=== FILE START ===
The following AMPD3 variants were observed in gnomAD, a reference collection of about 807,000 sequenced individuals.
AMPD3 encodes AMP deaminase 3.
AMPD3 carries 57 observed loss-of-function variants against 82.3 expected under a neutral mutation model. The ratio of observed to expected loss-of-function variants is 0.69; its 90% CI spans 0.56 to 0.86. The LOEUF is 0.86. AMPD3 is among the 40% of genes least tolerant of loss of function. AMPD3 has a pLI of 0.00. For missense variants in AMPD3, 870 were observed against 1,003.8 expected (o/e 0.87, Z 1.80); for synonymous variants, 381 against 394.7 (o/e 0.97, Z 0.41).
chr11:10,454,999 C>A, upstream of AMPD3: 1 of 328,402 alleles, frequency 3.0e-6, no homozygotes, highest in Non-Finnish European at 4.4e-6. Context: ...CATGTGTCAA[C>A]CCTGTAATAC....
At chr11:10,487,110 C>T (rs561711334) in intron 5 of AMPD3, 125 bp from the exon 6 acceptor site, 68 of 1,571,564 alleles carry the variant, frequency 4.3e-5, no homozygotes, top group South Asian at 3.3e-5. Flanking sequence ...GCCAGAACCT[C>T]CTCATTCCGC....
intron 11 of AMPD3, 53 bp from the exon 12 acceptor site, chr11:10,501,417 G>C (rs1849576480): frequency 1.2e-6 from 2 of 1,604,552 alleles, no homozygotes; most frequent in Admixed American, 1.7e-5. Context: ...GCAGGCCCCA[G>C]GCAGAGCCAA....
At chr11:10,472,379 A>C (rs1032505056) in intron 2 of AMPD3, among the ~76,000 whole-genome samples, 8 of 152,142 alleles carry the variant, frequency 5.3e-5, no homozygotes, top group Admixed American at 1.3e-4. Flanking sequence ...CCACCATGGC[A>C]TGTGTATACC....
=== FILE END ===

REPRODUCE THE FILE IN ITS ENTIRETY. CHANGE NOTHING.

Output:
The following AMPD3 variants were observed in gnomAD, a reference collection of about 807,000 sequenced individuals.
AMPD3 encodes AMP deaminase 3.
AMPD3 carries 57 observed loss-of-function variants against 82.3 expected under a neutral mutation model. The ratio of observed to expected loss-of-function variants is 0.69; its 90% CI spans 0.56 to 0.86. The LOEUF is 0.86. AMPD3 is among the 40% of genes least tolerant of loss of function. AMPD3 has a pLI of 0.00. For missense variants in AMPD3, 870 were observed against 1,003.8 expected (o/e 0.87, Z 1.80); for synonymous variants, 381 against 394.7 (o/e 0.97, Z 0.41).
chr11:10,454,999 C>A, upstream of AMPD3: 1 of 328,402 alleles, frequency 3.0e-6, no homozygotes, highest in Non-Finnish European at 4.4e-6. Context: ...CATGTGTCAA[C>A]CCTGTAATAC....
At chr11:10,487,110 C>T (rs561711334) in intron 5 of AMPD3, 125 bp from the exon 6 acceptor site, 68 of 1,571,564 alleles carry the variant, frequency 4.3e-5, no homozygotes, top group South Asian at 3.3e-5. Flanking sequence ...GCCAGAACCT[C>T]CTCATTCCGC....
intron 11 of AMPD3, 53 bp from the exon 12 acceptor site, chr11:10,501,417 G>C (rs1849576480): frequency 1.2e-6 from 2 of 1,604,552 alleles, no homozygotes; most frequent in Admixed American, 1.7e-5. Context: ...GCAGGCCCCA[G>C]GCAGAGCCAA....
At chr11:10,472,379 A>C (rs1032505056) in intron 2 of AMPD3, among the ~76,000 whole-genome samples, 8 of 152,142 alleles carry the variant, frequency 5.3e-5, no homozygotes, top group Admixed American at 1.3e-4. Flanking sequence ...CCACCATGGC[A>C]TGTGTATACC....